RESOLUTION NO. RS2016-219 is a resolution which is part of the effort to bring natural gas compressor stations under the licensing authority of Metro government. Currently, as I understand it, local governments cannot regulate the location of natural gas compressor station due to the Federal government's authority to regulate interstate commerce and the Federal government taking the view that if local governments prohibit these stations that that is an illegal regulation of interstate commerce. There is however a method for allowing local government to exert some control and this bill is part of that effort to obtain that authority. There are natural gas compression stations planned for Joelton and Antioch and considerable community opposition to them.
RESOLUTION NO. RS2016-259 approves an application for the Four-Forty Greenway TIGER VIII Grant from the U.S. Department of Transportation to construct the Four-Forty Greenway from Melrose/Battlemont Park to Boyd Park. For more on this see the Tennessean's report, City plans I-440 Greenway.
RESOLUTION NO. RS2016-269 request that the Metropolitan Planning Department prepare and/or submit to the Metropolitan Council maps depicting current locations of federally subsidized housing developments by 50%, 60%, 80%, 120% AMI, as well as affordable and workforce housing units in Nashville & Davidson County. I assume this is part of an effort to discourage the development of affordable housing. While many people advocate for more affordable housing there is also a concern that affordable housing concentrates poverty. Having the information requested by this resolution, would make it easier to kill affordable housing developments.
RESOLUTION NO. RS2016-270 request the Employee Benefit Board to establish and implement a parental and sick leave policy allowing maternity and paternity leave for employees of The Metropolitan Government of Nashville & Davidson County. My initial view of this is that Metro employee benefits are already much more lavish than those awarded employees in the private sector and that this is not appropriate.
There are 43 bills on First Reading. I do not read them until they get to second reading. First reading is a formality that allows bills to be considered and they are not evaluated by committee until they pass First reading.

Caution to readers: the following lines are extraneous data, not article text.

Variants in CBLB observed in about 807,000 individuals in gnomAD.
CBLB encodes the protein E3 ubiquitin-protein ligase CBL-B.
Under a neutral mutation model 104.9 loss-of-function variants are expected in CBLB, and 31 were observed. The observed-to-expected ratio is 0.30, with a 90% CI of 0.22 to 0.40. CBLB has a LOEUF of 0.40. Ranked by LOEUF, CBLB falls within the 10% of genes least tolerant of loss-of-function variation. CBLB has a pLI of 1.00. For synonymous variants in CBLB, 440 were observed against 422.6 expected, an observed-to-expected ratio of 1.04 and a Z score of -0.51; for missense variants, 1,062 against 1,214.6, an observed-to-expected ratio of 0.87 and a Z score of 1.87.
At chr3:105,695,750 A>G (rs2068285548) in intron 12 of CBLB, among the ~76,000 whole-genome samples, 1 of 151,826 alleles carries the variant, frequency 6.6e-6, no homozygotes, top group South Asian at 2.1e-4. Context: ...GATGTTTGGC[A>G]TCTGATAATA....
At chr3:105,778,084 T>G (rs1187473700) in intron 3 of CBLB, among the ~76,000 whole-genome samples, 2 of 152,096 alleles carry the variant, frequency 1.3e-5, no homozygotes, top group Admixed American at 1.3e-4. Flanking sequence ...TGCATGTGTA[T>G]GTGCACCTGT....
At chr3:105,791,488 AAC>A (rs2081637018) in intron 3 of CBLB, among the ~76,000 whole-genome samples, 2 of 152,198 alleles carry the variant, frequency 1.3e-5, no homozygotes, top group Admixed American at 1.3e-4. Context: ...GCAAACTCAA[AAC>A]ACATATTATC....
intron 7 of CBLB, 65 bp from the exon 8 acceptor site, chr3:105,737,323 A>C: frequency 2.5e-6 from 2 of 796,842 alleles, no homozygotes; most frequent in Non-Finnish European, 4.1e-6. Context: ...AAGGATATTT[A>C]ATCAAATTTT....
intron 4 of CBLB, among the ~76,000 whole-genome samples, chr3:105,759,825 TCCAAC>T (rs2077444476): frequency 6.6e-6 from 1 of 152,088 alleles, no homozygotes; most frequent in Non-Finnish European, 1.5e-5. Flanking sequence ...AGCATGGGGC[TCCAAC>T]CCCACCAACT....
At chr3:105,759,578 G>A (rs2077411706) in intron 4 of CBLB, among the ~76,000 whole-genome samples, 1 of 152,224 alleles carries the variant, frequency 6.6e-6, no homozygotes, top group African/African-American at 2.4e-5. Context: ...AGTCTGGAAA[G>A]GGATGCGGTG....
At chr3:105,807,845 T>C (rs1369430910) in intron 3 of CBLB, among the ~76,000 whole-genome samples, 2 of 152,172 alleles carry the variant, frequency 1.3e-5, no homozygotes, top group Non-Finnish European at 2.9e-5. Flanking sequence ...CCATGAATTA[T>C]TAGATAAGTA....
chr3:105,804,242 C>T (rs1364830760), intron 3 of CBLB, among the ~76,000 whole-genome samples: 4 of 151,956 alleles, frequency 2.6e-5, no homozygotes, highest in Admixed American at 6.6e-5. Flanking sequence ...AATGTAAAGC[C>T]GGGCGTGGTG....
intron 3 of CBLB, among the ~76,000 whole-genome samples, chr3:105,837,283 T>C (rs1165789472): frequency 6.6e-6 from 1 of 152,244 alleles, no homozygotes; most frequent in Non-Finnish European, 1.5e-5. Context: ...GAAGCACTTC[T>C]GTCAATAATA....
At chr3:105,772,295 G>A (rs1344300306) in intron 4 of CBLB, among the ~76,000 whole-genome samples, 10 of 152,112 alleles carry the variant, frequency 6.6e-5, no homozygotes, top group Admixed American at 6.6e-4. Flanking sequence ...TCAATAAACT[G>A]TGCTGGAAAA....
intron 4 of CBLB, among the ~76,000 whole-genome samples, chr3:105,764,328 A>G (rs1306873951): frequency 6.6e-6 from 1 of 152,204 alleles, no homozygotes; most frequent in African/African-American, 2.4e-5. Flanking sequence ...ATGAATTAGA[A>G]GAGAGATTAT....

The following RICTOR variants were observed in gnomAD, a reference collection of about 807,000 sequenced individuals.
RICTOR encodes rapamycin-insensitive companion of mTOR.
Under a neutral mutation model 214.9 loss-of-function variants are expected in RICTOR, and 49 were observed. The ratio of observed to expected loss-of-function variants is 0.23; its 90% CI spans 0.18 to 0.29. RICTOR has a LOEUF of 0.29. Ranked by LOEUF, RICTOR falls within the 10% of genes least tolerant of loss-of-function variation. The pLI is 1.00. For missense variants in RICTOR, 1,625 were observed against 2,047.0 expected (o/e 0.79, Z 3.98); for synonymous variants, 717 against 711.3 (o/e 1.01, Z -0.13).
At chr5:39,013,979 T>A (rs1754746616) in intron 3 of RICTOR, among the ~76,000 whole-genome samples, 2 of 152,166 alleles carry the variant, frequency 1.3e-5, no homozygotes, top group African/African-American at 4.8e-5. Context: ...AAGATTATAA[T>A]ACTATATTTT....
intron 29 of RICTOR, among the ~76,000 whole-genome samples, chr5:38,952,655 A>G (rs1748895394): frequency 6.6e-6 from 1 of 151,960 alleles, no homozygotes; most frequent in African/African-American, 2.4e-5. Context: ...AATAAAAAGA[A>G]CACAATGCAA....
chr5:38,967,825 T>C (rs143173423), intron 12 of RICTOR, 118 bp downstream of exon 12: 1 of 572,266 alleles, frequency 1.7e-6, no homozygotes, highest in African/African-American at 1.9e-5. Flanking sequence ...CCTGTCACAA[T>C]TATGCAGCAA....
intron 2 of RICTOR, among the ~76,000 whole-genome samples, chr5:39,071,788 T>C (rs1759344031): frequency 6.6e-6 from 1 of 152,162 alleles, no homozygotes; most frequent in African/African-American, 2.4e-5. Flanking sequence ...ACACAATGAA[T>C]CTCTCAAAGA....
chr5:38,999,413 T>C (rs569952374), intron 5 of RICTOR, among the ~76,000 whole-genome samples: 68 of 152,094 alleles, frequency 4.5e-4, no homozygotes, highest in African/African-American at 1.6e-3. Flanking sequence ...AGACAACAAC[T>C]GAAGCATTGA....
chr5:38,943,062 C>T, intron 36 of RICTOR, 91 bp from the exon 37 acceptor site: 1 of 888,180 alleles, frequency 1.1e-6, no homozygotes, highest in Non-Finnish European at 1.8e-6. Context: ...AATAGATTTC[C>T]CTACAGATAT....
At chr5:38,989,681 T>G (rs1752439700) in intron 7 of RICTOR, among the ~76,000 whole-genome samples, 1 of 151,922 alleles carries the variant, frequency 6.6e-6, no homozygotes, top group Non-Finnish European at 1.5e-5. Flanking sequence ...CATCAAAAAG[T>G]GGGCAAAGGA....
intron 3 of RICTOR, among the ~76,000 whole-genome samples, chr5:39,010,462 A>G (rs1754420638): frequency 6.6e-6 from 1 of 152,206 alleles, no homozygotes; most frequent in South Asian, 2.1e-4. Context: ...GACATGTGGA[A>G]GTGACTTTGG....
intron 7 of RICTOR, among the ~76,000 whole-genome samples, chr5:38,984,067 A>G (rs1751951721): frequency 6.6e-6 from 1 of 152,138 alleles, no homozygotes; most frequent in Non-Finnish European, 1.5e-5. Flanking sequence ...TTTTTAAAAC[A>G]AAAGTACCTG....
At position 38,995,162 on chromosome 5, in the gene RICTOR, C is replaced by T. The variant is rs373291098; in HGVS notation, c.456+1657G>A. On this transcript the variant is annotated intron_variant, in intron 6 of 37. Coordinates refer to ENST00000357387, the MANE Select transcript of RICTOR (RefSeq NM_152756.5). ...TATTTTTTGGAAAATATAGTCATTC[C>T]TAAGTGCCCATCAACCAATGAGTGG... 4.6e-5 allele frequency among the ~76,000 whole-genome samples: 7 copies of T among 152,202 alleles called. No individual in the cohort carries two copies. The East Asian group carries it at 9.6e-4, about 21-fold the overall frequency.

There are 21 bills on Second Reading. Many of them are zoning bills and I do not form an opinion on every zoning bills and only pay attention to those that I assume are controversial or have an impact beyond a single neighborhood. These are the bills on Second Reading that interest me.
BILL NO. BL2016-252 establishes the tax levy for the coming year. This year's budget does not call for increasing the tax levy.
BILL NO. BL2016-235 increases the fees Metro Public Works charges for certain services to reflect the departments cost of providing these services.
BILL NO. BL2016-238 would permit some establishments to have unisex bathrooms. These seem reasonable to me. Read about it here.
BILL NO. BL2016-239 would provide for free parking for elderly individuals in parking meter zones and public parking facilities after they purchased a $50 sticker. I hate to say it, but I am now "elderly." I don't need charity. I have more disposable income than I have ever had in my life. This is insulting and condescending. If this passes however, I will probably purchase the sticker and enjoy it, but why would one assume "elderly" people need free parking worse than struggling young married people or single mothers? I don't need your rocking chair, your Geritol or medicare. This bill needs to be defeated. Or, it could be amended to allow free parking for single mothers, free parking for students, free parking for ministers of the gospel, free parking for young couples with children, free parking for musician and those engaged in the arts, free parking for teachers, firemen and policemen, free parking for African-Americans ....
BILL NO. BL2016-244 wold allow Metro to enter into an agreement with the Trust for Public Land to implement the Nashville Climate Smart Cities Program to assist Nashville with the development of climate-smart green infrastructure. I don't have anymore information on this but it sounds suspicious and hope it gets close scrutiny.
There are 10 bills on Third and final reading. These are the ones of interest:
BILL NO. BL2016-220 would expand the requirements regarding reporting litigation matters to the Metropolitan Council. The Department of Law would have to report to the Council all final judgements against Metro, quarterly have to report to the Council all lawsuits against Metro where the claim is greater than $300,000, and some additional information. This is a positive proposal.
BILL NO. BL2016-221 would remove a section of the code that regulates "dance halls." The provisions of this code are redundant to other provisions of the code. Currently, if an establishment permits dancing they must have a dance hall permit. This removes that requirement. The city will lose about $40,000 a year if this passes but I view this as a positive development.
BILL NO. BL2016-234 would add “natural gas compressor stations” to a list of facilities regulated as a “major source” of air pollutants which require a local permit and would do some other things. This is part of an attempt to stop proposed natural gas compression stations planned for Joelton and Antioch. Federal law says that local government can not stop these developments and the Federal government has the right to permit them. However, there is a process whereby a local government may gain permitting authority and this is part of that process to gain that authority.